Chipotle Restaurant Case Study
The case study must include these components:
- A total of 10–12 pages of text plus the exhibits (Part 1 and Part 2)
- Cover page (must include the company name, your group name, the date of submission, and a references page; the document must follow current APA guidelines)
- Matrices, which must be exhibits/attachments in the appendix and not part of the body of the analysis.
Case study deliverables (text must follow this order with current APA level headings for each component):
- Existing mission, objectives, and strategies
- A new mission statement (include the number of the component in parenthesis before addressing that component)
Great mission statements address these 9 components:
- Customers: Who are the firm’s customers?
- Products or services: What are the firm’s major products or services?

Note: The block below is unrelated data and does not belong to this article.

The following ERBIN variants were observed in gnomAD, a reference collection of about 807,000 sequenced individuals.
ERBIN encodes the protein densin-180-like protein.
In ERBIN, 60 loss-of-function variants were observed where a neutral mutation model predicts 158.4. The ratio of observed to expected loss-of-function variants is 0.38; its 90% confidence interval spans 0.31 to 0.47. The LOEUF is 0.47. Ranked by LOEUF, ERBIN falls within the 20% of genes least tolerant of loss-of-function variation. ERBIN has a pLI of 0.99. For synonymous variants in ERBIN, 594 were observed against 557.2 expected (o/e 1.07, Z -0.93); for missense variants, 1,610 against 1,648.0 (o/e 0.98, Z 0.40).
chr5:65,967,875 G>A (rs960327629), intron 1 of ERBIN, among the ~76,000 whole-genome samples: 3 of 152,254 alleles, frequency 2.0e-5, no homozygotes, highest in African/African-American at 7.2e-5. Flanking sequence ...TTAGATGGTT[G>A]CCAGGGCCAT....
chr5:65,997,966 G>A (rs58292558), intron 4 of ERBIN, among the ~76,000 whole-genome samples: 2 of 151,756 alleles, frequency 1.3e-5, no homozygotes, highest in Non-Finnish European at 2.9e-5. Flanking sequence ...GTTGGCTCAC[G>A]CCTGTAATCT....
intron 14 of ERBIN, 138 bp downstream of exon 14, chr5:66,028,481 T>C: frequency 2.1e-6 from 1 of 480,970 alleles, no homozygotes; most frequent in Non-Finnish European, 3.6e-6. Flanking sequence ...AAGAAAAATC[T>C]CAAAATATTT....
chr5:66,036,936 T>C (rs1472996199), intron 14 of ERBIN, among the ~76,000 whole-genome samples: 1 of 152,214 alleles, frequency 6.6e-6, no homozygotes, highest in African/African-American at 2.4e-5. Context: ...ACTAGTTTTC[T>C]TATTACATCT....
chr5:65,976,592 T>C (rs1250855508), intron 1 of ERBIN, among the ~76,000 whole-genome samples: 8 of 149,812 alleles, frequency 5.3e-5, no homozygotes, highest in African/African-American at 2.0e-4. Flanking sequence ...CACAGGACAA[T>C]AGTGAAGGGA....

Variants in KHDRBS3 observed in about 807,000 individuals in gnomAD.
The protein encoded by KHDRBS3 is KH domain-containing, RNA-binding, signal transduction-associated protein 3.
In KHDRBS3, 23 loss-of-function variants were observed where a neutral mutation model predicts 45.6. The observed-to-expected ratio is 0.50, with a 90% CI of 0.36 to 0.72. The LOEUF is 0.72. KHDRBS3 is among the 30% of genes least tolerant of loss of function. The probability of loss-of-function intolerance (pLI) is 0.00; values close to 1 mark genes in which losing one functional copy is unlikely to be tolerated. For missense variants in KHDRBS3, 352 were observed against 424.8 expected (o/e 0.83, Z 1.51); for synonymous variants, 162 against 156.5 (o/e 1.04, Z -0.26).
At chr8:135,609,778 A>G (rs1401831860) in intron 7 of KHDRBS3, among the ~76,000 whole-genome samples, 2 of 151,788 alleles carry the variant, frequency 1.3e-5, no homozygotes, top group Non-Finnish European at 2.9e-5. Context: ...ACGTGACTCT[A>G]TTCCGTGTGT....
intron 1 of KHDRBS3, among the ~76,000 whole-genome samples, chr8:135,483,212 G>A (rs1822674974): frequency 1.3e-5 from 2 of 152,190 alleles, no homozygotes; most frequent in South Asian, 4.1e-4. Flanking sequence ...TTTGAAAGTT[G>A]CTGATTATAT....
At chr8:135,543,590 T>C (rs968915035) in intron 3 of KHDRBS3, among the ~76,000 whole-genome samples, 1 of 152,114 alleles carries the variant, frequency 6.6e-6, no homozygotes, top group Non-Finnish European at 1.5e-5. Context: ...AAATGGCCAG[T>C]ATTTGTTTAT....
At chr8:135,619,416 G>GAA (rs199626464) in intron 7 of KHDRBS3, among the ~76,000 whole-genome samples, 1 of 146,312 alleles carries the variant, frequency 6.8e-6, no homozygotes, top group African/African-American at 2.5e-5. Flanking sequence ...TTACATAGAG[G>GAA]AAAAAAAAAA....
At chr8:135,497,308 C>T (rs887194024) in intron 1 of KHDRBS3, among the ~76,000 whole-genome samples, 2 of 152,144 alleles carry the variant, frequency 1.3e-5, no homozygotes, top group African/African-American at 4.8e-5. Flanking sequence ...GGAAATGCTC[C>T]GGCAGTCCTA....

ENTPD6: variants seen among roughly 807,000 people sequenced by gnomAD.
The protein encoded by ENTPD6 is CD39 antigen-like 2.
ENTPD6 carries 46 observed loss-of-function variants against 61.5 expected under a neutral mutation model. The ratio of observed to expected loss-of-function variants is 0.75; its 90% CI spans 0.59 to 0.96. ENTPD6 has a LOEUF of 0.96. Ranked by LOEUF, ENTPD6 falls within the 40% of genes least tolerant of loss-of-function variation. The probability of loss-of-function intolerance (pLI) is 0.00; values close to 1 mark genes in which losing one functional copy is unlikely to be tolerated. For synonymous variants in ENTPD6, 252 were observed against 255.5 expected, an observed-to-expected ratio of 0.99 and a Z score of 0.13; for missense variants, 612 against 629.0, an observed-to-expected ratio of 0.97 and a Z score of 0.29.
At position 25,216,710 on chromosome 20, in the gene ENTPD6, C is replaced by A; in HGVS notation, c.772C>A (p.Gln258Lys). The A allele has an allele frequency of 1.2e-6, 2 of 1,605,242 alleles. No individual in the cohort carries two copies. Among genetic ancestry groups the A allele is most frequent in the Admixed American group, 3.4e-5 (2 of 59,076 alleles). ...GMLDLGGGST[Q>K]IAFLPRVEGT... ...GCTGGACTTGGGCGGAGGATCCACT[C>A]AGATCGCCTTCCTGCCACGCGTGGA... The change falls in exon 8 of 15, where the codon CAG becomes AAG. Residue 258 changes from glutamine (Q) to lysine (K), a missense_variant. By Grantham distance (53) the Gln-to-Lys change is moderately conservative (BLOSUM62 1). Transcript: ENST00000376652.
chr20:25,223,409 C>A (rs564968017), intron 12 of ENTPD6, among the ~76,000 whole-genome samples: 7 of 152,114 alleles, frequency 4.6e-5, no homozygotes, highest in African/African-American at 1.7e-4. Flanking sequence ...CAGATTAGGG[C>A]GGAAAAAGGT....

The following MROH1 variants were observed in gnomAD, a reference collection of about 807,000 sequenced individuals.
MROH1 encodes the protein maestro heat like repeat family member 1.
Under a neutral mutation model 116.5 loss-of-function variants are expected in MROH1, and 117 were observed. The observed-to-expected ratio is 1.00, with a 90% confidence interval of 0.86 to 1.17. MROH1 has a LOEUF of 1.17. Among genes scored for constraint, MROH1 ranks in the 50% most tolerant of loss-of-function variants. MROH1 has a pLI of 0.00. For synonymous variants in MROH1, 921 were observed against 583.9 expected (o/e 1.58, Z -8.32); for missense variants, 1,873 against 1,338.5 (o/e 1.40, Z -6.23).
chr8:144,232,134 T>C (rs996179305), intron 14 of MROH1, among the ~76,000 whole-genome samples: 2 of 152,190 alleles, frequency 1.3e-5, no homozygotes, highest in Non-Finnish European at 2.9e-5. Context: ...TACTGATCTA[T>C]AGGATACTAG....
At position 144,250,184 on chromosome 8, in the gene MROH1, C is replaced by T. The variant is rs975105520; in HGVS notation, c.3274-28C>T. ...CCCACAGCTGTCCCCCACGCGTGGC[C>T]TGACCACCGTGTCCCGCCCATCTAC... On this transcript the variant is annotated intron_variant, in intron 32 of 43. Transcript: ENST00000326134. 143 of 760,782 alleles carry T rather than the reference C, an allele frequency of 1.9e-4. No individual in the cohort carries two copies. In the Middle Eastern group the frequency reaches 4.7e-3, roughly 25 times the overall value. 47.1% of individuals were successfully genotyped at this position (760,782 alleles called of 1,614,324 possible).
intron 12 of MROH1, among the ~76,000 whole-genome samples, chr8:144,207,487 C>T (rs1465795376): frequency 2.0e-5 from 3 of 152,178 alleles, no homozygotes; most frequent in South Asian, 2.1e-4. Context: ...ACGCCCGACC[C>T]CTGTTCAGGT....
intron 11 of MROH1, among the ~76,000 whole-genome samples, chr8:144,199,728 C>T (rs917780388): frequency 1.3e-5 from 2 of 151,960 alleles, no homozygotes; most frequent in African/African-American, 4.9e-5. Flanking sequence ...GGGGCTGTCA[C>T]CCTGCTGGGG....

- Markets: Geographically, where does the firm compete?
- Technology: Is the firm technologically current?
- Concern for survival, growth, and profitability: Is the firm committed to growth and financial soundness?
- Philosophy: What are the basic beliefs, values, aspirations, and ethical priorities of the firm?
- Self-concept: What is the firm’s distinctive competence or major competitive advantage?
- Concern for public image: Is the firm responsive to social, community, and environmental concerns?
- Concern for employees: Are employees a valuable asset of the firm?
- Analysis of the firm’s existing business model.
- SWOT Analysis (comes from researching the firm, industry, and competitors). It is important to know the difference between causes and effects in the SWOT analysis. Causes are important, not effects. Once the SWOT Analysis is created, each group needs to construct the SWOT Bivariate Strategy Matrix. Deliverables for this section include:
- a. SWOT Analysis
- b. Internal Factor Evaluation (IFE) Matrix
- c. External Factor Evaluation (EFE) Matrix
- d. SWOT Bivariate Strategy Matrix
- Historical Financial Statements (Income Statement (I/S), Balance Sheet (B/S) and Statement of Cash Flows) from the 3 most current years for the firm. The financial statements must include horizontal and vertical analysis between years.